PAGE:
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OWC Thunderbay FLEX 8: HDD Speed Across Volume Capacity, RAID-0 vs RAID-5
Related: hard drive, Other World Computing, OWC Thunderbay, OWC ThunderBay FLEX 8, RAID, RAID-0, RAID-5, SSD, storage, Thunderbolt, Toshiba
MPG tested the OWC Thunderbay Flex 8 with four 2TB SSDs and four Toshiba 4TB MG04ACA hard drives. Configurations up to 128TB (8 X 16TB) possible.
About hard drive performance
Hard drives slow down as they fill up. The outer tracks deliver much more data per rotation than the inner tracks, due to constant data density, but a much greater circumference in the outer tracks—more data per revolution of the platters. Thus performance drops substantially as the slower and slower parts of the hard drives are used. This is true of ALL hard drives, but not SSDs.
TIP #1: to sustain higher performance for same capacity utilization, buy larger hard drives.
Creating a volume using less than the full capacity bounds that volume’s storage area to the faster tracks (first volume created gets the outer and fastest tracks, next volume gets the next-fastest tracks, etc).
TIP #2: to guarantee minimum performance for a fixed-size capacity, the first partition/volume will be the fastest. Use less than the full capacity to guarantee a bounded minimum speed e.g., a 12TB partition on a 16TB total capacity. The extra space can be ignored, or used for a 2nd much slower volume.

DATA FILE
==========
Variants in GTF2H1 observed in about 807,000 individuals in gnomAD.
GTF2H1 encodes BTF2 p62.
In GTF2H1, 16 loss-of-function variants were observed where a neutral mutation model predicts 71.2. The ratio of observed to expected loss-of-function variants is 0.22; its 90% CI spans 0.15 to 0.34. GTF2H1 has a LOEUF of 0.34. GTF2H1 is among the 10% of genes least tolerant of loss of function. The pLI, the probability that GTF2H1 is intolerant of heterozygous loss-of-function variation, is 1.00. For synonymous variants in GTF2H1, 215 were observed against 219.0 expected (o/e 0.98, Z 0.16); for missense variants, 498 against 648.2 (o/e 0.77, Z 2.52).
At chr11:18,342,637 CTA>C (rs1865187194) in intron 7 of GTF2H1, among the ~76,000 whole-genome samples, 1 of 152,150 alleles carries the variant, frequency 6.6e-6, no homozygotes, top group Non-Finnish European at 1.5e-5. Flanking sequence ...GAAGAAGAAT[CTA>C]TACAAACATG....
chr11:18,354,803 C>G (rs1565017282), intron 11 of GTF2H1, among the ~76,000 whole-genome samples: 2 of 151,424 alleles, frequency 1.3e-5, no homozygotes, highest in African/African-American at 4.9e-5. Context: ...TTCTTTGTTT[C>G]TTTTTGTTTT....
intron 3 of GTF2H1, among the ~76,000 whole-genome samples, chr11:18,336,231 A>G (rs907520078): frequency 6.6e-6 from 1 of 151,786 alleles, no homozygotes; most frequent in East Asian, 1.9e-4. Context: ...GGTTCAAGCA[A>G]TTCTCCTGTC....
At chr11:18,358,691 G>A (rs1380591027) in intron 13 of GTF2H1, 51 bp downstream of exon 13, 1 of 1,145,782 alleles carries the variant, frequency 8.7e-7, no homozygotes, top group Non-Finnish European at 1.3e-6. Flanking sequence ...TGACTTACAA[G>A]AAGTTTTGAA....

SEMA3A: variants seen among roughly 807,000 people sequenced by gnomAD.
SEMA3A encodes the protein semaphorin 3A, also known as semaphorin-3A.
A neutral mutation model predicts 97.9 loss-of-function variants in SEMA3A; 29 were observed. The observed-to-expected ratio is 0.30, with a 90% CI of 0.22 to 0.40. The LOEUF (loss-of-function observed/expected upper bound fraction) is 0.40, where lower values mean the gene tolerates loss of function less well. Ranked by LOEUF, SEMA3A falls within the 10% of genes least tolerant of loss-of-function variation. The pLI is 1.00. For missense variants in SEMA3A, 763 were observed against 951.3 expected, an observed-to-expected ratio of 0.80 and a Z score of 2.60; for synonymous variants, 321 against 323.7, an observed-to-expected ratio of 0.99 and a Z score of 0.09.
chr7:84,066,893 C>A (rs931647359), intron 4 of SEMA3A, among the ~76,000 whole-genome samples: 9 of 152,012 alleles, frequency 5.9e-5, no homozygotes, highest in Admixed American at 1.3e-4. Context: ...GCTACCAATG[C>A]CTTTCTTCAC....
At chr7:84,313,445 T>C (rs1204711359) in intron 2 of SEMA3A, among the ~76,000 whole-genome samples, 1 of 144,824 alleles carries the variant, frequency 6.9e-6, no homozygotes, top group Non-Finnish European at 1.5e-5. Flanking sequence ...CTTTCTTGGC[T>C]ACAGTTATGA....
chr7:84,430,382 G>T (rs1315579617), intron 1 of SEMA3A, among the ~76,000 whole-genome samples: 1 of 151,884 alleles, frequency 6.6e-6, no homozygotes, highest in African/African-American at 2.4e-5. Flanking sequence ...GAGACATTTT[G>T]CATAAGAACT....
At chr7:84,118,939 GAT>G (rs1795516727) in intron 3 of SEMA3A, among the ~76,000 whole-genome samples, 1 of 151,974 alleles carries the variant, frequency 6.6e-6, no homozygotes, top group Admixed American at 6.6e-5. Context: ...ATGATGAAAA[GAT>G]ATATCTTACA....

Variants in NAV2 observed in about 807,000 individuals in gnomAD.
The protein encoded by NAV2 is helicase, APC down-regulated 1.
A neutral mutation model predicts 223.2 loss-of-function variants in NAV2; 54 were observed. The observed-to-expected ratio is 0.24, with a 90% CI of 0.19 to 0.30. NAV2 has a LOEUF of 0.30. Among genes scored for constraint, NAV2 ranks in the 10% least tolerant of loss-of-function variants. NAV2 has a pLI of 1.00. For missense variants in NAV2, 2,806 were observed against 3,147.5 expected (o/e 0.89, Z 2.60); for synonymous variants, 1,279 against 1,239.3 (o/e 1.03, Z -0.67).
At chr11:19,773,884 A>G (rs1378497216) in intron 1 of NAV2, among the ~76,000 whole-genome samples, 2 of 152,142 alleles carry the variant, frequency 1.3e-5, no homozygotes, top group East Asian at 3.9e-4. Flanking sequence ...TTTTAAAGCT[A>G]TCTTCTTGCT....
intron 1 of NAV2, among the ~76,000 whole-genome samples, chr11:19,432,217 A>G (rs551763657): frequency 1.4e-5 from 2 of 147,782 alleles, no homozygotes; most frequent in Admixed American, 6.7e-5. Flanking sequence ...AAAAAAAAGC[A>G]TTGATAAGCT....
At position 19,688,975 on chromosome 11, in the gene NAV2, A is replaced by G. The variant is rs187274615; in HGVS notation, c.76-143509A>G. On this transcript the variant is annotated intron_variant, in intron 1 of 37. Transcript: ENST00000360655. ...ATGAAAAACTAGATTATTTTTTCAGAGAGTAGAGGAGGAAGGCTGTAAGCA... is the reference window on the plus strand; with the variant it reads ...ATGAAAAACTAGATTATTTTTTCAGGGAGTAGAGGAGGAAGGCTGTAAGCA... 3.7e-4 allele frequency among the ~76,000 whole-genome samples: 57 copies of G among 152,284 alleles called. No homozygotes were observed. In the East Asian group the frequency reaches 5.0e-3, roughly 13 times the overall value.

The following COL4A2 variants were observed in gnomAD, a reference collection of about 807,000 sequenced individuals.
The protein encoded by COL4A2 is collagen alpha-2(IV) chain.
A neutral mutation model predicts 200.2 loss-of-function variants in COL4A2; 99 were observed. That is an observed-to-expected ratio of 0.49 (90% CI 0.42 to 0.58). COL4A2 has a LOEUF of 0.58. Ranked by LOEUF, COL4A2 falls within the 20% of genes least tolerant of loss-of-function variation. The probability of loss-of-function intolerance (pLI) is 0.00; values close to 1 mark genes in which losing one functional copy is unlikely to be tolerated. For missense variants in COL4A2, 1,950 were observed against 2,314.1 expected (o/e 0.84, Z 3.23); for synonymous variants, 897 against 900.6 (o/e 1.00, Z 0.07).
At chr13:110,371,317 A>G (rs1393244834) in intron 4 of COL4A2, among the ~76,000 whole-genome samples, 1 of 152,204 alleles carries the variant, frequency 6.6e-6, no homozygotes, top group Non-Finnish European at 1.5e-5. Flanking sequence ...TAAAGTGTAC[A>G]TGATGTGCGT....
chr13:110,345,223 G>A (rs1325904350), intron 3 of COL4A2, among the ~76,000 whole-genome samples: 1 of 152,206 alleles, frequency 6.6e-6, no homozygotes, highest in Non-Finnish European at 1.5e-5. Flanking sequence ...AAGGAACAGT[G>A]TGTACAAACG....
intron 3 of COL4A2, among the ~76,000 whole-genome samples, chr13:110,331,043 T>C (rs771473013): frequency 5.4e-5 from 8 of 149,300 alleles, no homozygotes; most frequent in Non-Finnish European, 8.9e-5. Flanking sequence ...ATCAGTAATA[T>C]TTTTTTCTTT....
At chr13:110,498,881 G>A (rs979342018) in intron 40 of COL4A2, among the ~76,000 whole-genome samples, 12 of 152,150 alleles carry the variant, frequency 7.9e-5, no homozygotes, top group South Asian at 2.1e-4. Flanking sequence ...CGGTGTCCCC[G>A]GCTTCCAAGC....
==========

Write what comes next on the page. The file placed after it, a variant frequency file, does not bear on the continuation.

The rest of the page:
Test results: RAID-0 vs RAID-5 across volume capacity
The relatively low-capacity Toshiba 4TB hard drives are definitely not as fast as higher capacity models, like the 12/14/16TB models, so higher speeds should be expected, about 25% faster approaching 1000 MB/sec in RAID-0. See Testing Six Samples of Toshiba 14TB MG07ACA Enterprise Class Hard Drive.
On the fastest part of the volume, RAID-0 delivers a fast 665 MB/sec, with RAID-5 at 490 MB/sec. This speed difference is to be expected; in effect, RAID-5 has the speed of 3 RAID-9 drives vs 4 drives for RAID-0; the per-drive speed is nearly identical for RAID-0 and RAID-5.
As the test progresses deeper into the volume capacity, the data per hard drive platter revolution decreases, and thus the speed steadily drops off. Speed is roughly cut in half by the time the volume reaches capacity. Buy higher capacity drives that avoid the last 1/3 or so of capacity in order to keep average speeds higher. This is true of ALL hard drives and is not an aspect of the Thunderbay FLEX 8, but entirely normal and why the tip given earlier about buying higher capacity drives was given.
Average RAID-0 MB/sec: 665 write, 661 read
Average RAID-5 MB/sec: 490 write, 493 read
Vertical scale is MB/sec. Horizontal scale shows percentage of volume capacity, e.g., 50% of an 16TB RAID-0 stripe is 8TB into the capacity. The RAID-5 volume had a 12TB capacity.